On August 15, the Chinese State Council (essentially, the Chinese cabinet) released new guidelines titled “Opinions on increasing efforts to attract foreign investment.”1 While these guidelines are not binding on the Chinese government, they provide insight into coming legal and regulatory priorities from the government, as quarterly foreign investment in China hit a 25-year low earlier this year.2
The guidelines provide 24 specific measures aimed at implementing six overarching goals. The goals are: improve the quality of foreign capital; guarantee national treatment for foreign enterprises; strengthen protections for foreign investments; improve investment facilitation; increase fiscal and tax support for foreign investments; and improve promotion methods to attract foreign capital.3 The guidelines specifically name “major scientific research projects” and biomedicine as areas of particular interest with respect to foreign direct investment, outlining proposals to create “research and development centers” dedicated to these sectors.4 The guidelines also propose legal and regulatory updates to improve intellectual property protection for foreign companies investing in China, make it easier for foreign companies working in China to transfer data back to their home country, and improve immigration restrictions for employees of foreign corporations investing in China seeking temporary residence permits and entry visas.5 “Made in China” and other procurement requirements may also be updated to clarify the role of foreign companies investing in China, according to the guidelines, and the guidelines encourage foreign companies to report discriminatory treatment with respect to Chinese companies.6 Finally, from a tax perspective, the guidelines provide new incentive programs for foreign companies investing in China, including a temporary exemption withholding income tax for foreign companies that use profits to reinvest in China.7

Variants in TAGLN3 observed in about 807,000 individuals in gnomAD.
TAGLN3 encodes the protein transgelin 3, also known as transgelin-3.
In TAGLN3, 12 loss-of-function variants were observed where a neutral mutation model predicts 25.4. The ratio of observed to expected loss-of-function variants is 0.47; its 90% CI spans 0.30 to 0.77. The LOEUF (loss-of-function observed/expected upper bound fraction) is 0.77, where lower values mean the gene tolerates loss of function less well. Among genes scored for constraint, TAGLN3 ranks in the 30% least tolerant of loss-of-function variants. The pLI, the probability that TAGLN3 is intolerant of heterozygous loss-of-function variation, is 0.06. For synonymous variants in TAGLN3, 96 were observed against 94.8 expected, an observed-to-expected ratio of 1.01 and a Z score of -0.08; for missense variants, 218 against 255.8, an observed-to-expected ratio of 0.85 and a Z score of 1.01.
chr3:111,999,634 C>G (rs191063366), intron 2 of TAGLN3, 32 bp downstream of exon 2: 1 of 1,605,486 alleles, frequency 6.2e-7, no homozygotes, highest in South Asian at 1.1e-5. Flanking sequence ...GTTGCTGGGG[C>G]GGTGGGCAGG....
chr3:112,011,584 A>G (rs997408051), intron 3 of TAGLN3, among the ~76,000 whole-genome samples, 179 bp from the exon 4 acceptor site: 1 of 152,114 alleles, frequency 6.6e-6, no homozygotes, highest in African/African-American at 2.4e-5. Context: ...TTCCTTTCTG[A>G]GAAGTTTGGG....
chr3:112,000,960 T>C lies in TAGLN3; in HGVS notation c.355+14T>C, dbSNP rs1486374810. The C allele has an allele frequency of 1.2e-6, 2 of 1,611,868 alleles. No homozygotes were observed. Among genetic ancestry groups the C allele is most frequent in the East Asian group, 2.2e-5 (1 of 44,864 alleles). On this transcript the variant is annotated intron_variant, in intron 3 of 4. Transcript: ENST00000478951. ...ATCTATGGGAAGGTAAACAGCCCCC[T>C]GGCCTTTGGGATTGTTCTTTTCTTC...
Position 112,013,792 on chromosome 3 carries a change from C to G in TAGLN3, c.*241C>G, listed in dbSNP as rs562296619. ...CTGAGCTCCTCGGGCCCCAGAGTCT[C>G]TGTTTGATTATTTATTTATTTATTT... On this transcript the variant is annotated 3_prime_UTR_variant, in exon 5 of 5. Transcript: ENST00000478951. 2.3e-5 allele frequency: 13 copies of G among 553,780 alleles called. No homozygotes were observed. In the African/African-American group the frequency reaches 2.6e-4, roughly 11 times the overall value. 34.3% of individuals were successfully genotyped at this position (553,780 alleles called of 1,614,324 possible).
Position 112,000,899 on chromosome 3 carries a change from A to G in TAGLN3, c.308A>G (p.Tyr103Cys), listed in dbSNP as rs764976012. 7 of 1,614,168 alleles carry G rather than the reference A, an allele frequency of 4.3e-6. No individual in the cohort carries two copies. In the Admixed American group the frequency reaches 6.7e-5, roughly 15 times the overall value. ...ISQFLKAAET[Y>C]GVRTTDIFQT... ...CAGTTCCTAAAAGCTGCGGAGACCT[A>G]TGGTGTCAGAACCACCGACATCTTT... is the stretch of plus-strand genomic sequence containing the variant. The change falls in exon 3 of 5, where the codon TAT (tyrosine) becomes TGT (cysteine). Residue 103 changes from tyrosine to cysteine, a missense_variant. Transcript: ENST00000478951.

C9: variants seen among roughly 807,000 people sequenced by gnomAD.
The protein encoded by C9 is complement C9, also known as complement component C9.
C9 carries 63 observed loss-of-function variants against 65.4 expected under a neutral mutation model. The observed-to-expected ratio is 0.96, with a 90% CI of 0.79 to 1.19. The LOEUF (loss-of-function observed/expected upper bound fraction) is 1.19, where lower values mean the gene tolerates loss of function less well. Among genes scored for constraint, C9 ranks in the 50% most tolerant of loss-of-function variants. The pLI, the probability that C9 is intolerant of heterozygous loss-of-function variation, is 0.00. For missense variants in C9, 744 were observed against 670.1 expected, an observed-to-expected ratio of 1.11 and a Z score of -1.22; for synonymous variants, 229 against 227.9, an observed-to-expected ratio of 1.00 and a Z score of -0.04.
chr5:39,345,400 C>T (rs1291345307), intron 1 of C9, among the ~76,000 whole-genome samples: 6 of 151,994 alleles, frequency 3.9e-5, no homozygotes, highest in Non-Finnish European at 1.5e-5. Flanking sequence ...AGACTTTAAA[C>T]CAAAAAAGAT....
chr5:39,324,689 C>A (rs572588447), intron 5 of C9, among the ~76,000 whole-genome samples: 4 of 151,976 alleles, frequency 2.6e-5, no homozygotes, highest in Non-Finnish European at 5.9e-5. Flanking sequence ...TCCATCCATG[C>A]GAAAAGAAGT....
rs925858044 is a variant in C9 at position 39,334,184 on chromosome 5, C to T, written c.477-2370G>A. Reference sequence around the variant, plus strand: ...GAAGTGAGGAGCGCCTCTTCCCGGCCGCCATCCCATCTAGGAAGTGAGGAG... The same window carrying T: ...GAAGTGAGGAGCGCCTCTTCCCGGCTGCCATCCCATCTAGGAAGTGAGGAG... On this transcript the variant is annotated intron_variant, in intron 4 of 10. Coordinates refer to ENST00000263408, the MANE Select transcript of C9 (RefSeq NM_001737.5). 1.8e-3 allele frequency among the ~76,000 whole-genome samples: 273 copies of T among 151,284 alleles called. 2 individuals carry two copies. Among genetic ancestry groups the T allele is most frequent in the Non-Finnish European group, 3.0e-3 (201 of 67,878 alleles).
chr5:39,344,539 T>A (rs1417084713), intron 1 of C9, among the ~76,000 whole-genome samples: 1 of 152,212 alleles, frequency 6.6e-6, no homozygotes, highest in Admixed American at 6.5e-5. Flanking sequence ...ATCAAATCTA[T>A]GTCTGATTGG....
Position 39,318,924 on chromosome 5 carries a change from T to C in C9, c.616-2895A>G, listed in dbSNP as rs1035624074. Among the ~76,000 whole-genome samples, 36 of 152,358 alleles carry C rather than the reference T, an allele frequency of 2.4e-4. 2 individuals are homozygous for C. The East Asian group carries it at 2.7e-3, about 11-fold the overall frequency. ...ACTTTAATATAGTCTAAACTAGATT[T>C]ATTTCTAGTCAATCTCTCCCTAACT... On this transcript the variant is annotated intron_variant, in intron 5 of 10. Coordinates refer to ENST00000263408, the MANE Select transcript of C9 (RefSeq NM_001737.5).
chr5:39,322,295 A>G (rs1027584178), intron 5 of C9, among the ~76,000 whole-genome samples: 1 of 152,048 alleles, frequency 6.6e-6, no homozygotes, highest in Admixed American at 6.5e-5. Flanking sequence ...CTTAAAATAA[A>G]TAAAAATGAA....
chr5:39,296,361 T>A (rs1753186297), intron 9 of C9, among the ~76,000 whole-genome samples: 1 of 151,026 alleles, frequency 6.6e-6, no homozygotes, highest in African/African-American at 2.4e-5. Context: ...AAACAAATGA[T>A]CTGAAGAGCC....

Chinese investment groups welcomed the proposals, but wanted to see progress toward implementation. President of AmCham China Michael Hart noted that the policies related to tax and data transfers were areas where the organization has called for reform.8 However, he also told Bloomberg, “The next area to watch is the actual implementation of announced policies which is sometimes where the real challenges lie.”9
Companies with investments in China should carefully watch new regulations in China to see if the Chinese government proceeds with the foreign investment framework outlined in these guidelines.
1 https://www.gov.cn/zhengce/content/202308/content_6898048.htm (full text of the guidelines, Chinese language only).